The Life Aquatic isn’t exactly a short film. Turns out it’s quite long when you’re sitting next to a man who has decided it’s time for his big move. RDJ put his arm around my shoulder during the first ten minutes. I didn’t know what to do, so I froze up and shifted to the edge of the bed. His arm stayed behind me. Around the middle of the film, when everyone realises that Anjelica Houston is the best bit – bearing in mind that I still had not moved in his direction, actually the opposite – he started nuzzling my neck. I stayed perfectly still.

For a second I considered whether I was obliged to kiss him by the rules of politeness. After all, I’d asked to eat his leftovers. Was that a move? Do other people do that?

After what felt like a billion years, The Life Aquatic ended. I bolted. I texted him from home, saying that I’d prefer it if we stayed friends. He responded he wanted that too, and was sorry if I misunderstood him. Um, you nuzzled my neck, mate? Had I called his bluff and he was mad about that?

A few months later, I related this to a male friend, who said I should go easier on RDJ and Daniel because I’d hurt their feelings. You see, they thought you were going to go the distance and you shattered that dream. You led them on, whether you wanted to or not. While explaining what exactly I’d done wrong, he referred to the fact that I’d sat on RDJ’s bed and that – gasp – both interactions had included a film. Watching a film, apparently, is code. I’d watched quite a lot of films in my young life by this point – did all my friends think I wanted to sleep with them?

My pal was implying that I had unwittingly violated the rules, that I’d agreed to something written in the rulebook and couldn’t be surprised if the other party expected me to uphold my end of the bargain. If you know me, you’ll know I love guidelines and rules. I was shocked to find out I’m a Dangerous Rule-Flaunting Breaker of Hearts! Me, Femme Fatale, lead-er-on-er lady, daring to watch a film with – whisper it – a man!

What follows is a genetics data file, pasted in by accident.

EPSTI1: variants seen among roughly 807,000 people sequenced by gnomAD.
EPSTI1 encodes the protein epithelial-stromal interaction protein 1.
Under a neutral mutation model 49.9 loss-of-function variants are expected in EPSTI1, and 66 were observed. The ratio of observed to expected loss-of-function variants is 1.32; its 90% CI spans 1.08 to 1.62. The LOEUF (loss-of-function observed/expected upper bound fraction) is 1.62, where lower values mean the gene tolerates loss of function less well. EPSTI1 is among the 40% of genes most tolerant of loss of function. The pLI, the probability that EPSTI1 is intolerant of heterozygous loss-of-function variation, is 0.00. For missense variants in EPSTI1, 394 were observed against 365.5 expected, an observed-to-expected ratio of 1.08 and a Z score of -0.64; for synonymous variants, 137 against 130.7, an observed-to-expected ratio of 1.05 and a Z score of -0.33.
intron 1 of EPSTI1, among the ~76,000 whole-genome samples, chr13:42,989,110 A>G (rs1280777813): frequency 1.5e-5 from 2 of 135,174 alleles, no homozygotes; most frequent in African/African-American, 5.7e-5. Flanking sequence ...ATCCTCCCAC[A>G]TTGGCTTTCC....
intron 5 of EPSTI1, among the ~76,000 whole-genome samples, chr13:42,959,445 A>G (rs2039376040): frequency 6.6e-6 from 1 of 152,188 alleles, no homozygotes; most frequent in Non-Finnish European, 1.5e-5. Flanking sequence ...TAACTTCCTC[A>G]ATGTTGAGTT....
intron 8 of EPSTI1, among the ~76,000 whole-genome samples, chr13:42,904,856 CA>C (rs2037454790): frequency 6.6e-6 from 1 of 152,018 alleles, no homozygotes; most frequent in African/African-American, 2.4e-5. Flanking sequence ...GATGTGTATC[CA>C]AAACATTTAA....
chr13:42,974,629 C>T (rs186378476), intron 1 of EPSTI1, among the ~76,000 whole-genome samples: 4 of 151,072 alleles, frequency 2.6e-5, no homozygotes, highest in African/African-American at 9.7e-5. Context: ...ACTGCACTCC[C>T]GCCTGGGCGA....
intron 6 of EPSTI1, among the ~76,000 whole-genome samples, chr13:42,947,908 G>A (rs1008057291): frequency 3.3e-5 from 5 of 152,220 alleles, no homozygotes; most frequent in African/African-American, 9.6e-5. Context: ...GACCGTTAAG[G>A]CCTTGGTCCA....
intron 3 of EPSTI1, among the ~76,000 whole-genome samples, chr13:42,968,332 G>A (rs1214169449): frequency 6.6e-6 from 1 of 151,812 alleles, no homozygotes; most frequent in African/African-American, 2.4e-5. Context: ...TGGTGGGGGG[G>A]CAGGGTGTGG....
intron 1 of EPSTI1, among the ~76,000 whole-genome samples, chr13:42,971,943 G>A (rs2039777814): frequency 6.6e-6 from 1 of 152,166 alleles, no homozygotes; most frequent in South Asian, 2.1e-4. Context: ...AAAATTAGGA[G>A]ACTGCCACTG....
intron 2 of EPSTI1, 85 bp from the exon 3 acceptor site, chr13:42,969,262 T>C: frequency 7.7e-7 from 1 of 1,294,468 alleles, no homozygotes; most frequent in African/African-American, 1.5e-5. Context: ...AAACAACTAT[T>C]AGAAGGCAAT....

I doubt that Daniel or RDJ were really all that in love with me. I suspect what’s closer to the truth is that I maybe bruised their egos slightly. The hours – hours! – invested in texting me, thinking about me, were gone now. Wasted. Never to return. I suppose I really am a bitch.

Both of them had an expectation, and I didn’t fulfill it. Daniel made it clear that he wasn’t interested in a friendship. He was only interested in my company if we framed our meeting as a date. What sort of thing is that? Do other people do that? I mean, if he’d actually wanted to date me, would getting to know me as a person have been such a horrible thing?

Something I remember clearly about my friend’s reaction when I told him about these events was his eye-rolling exasperation. It made me feel naive for daring to think that I could have had friendships with Daniel and RDJ. I didn’t even wonder twice about why he felt that way. I grew up in the nineties and naughties, where Men Want One Thing was a clear cautionary tale, but also part of the bumbling-fool aw shucks look at the men only wanting one thing narrative. It reminds me of a song I grew up with, singing along loudly at parties with my friends:

Men are pigs
Don’t trust them, sweet child
They all just want the One Thing
Because that’s just how men are

Wasn’t it hilarious? Men, am I right? And I was an emancipated woman, I knew these things about men, so it was all a good laugh!

Men Just Want One Thing is a damaging, even dangerous, narrative for all involved. But it feels like it’s part of the Friend Zone explanation: because surely an interaction between a man and a woman can only have one outcome. If the woman denies the possibility of that outcome she’s withholding something, which he deserves, especially if (are you keeping up?) he is also a Nice Guy. But my affection, my attention, my body are not a currency with which I repay you for being a decent person. You can’t swap a film for a kiss.

In popular culture, these terms are so widespread they have even made it to Wikipedia: there are separate entries for Friend Zone and Nice Guy – bearing in mind that a minuscule proportion of Wikipedia editors are women, this is quite an astounding feat.

I’m glad to say none of this has successfully deterred me. I am so dangerous. I can’t be stopped. If I like you, I will try to be your friend, even if you’re a man.